Featured Conference Keynote 

Georgia Tech’s Kendeda Building has received Living Building Challenge (LBC) certification, the world’s most ambitious green building achievement. LBC requires projects to prove net positive energy and water over a 12-month period, during which the COVID-19 pandemic disrupted normal occupancy. 

What We Can Learn From A Net-Positive Water, Energy, and Construction Waste Building

We build roads that allow vehicles to move safely, while channeling rainfall “away.” Our impervious developments require more infrastructure to convey stormwater “away.” We tear down buildings and throw them “away.” But there is no “away.” Our built environment burdens communities with pollution, taxpayers with costs, and future generations with impacts of our metastasizing concrete, steel, and debris. This silo mentality results in single-use infrastructure, which is a luxury we can no longer afford. The Living Building Challenge (LBC), the world’s most ambitious and holistic green building standard, offers a model of how to break free of our habits.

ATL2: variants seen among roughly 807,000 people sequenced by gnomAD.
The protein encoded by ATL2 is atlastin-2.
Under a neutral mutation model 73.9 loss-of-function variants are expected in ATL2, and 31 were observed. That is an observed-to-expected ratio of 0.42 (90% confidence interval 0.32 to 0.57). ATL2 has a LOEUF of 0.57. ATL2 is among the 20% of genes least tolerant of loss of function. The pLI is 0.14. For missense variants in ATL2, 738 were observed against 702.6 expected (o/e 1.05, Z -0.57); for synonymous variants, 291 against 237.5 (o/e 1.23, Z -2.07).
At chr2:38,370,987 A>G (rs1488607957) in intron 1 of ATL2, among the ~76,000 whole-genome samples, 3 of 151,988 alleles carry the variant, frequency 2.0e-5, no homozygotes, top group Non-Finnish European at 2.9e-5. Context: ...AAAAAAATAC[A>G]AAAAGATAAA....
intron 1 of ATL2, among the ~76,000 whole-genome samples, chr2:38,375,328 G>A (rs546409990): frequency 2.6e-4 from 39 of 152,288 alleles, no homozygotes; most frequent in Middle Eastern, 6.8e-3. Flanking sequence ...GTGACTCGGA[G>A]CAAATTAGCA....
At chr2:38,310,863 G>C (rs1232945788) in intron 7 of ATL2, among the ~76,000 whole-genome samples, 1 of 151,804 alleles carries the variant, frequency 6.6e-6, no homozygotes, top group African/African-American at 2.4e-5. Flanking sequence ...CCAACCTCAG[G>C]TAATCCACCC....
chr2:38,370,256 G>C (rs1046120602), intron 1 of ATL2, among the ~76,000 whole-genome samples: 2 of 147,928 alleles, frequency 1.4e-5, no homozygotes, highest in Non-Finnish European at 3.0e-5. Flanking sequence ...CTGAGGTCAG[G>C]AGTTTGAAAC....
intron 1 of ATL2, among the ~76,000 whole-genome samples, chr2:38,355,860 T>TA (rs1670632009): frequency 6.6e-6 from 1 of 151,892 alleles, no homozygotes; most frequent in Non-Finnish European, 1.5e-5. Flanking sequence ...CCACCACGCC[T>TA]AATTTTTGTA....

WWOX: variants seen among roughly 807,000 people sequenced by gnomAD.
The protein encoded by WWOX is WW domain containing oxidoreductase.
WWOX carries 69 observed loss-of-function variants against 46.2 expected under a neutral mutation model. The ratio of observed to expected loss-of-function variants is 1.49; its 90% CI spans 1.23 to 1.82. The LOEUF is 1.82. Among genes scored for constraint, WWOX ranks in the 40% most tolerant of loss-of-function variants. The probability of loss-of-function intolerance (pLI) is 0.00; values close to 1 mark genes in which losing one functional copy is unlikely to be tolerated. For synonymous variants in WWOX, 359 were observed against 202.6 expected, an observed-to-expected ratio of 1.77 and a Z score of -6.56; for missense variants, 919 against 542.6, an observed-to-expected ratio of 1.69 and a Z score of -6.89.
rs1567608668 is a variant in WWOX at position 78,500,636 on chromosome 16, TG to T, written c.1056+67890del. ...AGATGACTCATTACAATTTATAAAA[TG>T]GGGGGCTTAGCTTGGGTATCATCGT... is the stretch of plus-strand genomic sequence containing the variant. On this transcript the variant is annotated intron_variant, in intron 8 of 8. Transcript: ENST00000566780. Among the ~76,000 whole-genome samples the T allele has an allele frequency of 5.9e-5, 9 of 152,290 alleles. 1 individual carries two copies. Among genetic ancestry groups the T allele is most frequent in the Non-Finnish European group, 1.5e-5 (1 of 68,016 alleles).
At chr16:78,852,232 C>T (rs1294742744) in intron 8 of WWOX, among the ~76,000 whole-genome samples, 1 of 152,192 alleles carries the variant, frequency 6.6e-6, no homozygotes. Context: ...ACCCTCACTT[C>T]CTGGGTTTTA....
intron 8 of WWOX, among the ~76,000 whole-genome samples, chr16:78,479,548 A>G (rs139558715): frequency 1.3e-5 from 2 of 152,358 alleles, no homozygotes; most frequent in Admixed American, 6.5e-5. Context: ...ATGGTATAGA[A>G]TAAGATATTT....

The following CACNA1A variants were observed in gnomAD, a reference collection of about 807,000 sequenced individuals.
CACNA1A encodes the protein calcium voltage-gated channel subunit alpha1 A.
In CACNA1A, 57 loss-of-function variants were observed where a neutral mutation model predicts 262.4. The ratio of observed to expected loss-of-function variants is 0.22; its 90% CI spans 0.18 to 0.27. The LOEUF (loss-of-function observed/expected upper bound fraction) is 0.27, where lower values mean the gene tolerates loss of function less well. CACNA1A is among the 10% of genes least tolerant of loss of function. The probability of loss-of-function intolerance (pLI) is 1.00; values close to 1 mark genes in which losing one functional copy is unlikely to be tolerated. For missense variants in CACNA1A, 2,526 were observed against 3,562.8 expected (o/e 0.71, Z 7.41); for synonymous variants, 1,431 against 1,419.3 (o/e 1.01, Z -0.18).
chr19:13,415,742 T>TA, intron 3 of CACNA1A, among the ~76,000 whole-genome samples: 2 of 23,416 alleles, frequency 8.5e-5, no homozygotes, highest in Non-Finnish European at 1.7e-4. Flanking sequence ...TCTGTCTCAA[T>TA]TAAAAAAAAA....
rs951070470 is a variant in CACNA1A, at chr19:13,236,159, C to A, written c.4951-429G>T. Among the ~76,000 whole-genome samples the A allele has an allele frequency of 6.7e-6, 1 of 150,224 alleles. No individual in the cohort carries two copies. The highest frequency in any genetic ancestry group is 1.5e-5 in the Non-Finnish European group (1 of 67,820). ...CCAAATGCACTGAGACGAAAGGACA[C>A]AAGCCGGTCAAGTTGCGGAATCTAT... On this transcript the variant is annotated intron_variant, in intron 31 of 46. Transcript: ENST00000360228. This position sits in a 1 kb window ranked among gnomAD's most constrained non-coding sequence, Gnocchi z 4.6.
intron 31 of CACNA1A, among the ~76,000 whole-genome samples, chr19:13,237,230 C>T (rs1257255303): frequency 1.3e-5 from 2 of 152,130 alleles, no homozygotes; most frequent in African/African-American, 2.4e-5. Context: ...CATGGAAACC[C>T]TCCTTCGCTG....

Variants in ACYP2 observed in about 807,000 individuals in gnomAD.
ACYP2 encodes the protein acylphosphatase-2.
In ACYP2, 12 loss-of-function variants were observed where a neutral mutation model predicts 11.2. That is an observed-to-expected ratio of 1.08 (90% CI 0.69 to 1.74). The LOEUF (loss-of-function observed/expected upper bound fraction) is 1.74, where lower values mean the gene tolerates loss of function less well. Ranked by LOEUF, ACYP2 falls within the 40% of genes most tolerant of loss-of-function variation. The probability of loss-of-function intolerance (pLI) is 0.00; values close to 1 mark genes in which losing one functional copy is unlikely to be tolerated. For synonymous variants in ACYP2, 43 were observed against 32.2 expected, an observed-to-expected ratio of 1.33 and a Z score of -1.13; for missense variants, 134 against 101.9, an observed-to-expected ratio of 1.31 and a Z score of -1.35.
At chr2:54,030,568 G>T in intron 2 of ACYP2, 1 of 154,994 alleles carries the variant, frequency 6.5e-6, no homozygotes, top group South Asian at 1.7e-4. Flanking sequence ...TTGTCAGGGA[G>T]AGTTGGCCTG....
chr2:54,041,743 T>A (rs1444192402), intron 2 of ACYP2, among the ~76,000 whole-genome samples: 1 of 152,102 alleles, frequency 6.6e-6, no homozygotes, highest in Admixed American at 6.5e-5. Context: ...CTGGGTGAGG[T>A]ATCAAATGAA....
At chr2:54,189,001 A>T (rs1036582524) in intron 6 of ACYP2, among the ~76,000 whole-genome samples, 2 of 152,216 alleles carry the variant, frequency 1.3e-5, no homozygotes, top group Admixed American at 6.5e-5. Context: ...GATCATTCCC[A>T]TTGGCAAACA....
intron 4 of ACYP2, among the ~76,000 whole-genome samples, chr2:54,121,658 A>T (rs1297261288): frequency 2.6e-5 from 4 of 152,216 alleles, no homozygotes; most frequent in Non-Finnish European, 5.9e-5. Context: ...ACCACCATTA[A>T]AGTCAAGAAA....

Photo: Jonathan Hillyer | Southwest Facade at Dusk, by Kendeda Building 


Presenting Experts 


Shan Arora is the Director of The Kendeda Building for Innovative Sustainable Design,
which is a 37,000 sq. ft. non-departmental, multi-disciplinary education building on the Georgia Institute of Technology’s Atlanta campus. In March 2021, the building received Living Building Challenge (LBC) certification, the world’s most ambitious and holistic green building achievement. It is the first LBC-certified building of its scale in the southeastern U.S., where a warm humid climate poses many challenges.

Shan will provide an immersive, virtual tour of the building via Google Street View. Rather than focusing on the technical pathways to achieve LBC certification, he will discuss the ethos behind the goal.  The “why” informs the “how;” it is this mindset-shift that serves as a model for how we can create multi-use infrastructure, including facilities management technology. 


Jung-Ho Lewe is a research engineer with Georgia Tech’s Aerospace Systems Design Laboratory.  He led the creation of a digital twin for The Kendeda Building. He holds Aerospace    Engineering degrees from Seoul National University and Georgia Tech.                         

Jung-Ho will join the discussion "unconference style" to summarize how the team used a digital twin to calculate energy consumption. This approach leveraged types of FM technology, which are not typically not used to assess occupancy.  The discussion will speak to the challenges and creative solutions used to create a digital twin that captured actual performance of The Kendeda Building with sufficient fidelity. 


Best Green Project: Kendeda Building for Innovative Sustainable Design | Engineering News-Record